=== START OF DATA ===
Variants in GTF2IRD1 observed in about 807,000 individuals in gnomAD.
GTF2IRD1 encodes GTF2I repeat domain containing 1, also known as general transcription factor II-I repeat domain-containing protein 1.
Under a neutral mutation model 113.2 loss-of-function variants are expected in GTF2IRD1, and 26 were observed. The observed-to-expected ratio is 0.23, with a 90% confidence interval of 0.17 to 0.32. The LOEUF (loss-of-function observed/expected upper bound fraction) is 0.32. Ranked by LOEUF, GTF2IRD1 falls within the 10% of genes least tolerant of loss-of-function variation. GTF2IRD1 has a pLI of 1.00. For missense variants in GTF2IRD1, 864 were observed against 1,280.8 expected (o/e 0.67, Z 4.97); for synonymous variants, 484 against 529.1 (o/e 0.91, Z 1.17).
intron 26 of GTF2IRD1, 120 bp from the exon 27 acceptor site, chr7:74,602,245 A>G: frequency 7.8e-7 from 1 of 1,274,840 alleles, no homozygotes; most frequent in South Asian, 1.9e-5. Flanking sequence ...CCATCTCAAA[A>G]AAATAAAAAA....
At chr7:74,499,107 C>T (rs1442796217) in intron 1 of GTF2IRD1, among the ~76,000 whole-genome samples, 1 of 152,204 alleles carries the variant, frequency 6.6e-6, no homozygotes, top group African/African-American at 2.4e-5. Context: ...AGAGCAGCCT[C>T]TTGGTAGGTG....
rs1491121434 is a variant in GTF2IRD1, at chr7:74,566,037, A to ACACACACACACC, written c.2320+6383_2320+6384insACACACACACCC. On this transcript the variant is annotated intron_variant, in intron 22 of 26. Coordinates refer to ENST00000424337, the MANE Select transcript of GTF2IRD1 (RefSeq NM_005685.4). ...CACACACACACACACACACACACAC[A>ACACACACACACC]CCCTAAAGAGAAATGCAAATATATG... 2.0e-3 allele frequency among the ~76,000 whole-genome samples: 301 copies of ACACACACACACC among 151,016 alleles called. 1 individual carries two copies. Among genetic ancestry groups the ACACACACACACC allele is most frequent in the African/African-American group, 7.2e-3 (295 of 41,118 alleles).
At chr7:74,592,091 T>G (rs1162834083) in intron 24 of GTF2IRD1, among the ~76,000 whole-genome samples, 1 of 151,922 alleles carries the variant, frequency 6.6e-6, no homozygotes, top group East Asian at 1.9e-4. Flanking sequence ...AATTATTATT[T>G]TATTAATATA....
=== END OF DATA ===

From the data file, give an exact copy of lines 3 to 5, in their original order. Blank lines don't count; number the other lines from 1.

Under a neutral mutation model 113.2 loss-of-function variants are expected in GTF2IRD1, and 26 were observed. The observed-to-expected ratio is 0.23, with a 90% confidence interval of 0.17 to 0.32. The LOEUF (loss-of-function observed/expected upper bound fraction) is 0.32. Ranked by LOEUF, GTF2IRD1 falls within the 10% of genes least tolerant of loss-of-function variation. GTF2IRD1 has a pLI of 1.00. For missense variants in GTF2IRD1, 864 were observed against 1,280.8 expected (o/e 0.67, Z 4.97); for synonymous variants, 484 against 529.1 (o/e 0.91, Z 1.17).
intron 26 of GTF2IRD1, 120 bp from the exon 27 acceptor site, chr7:74,602,245 A>G: frequency 7.8e-7 from 1 of 1,274,840 alleles, no homozygotes; most frequent in South Asian, 1.9e-5. Flanking sequence ...CCATCTCAAA[A>G]AAATAAAAAA....
At chr7:74,499,107 C>T (rs1442796217) in intron 1 of GTF2IRD1, among the ~76,000 whole-genome samples, 1 of 152,204 alleles carries the variant, frequency 6.6e-6, no homozygotes, top group African/African-American at 2.4e-5. Context: ...AGAGCAGCCT[C>T]TTGGTAGGTG....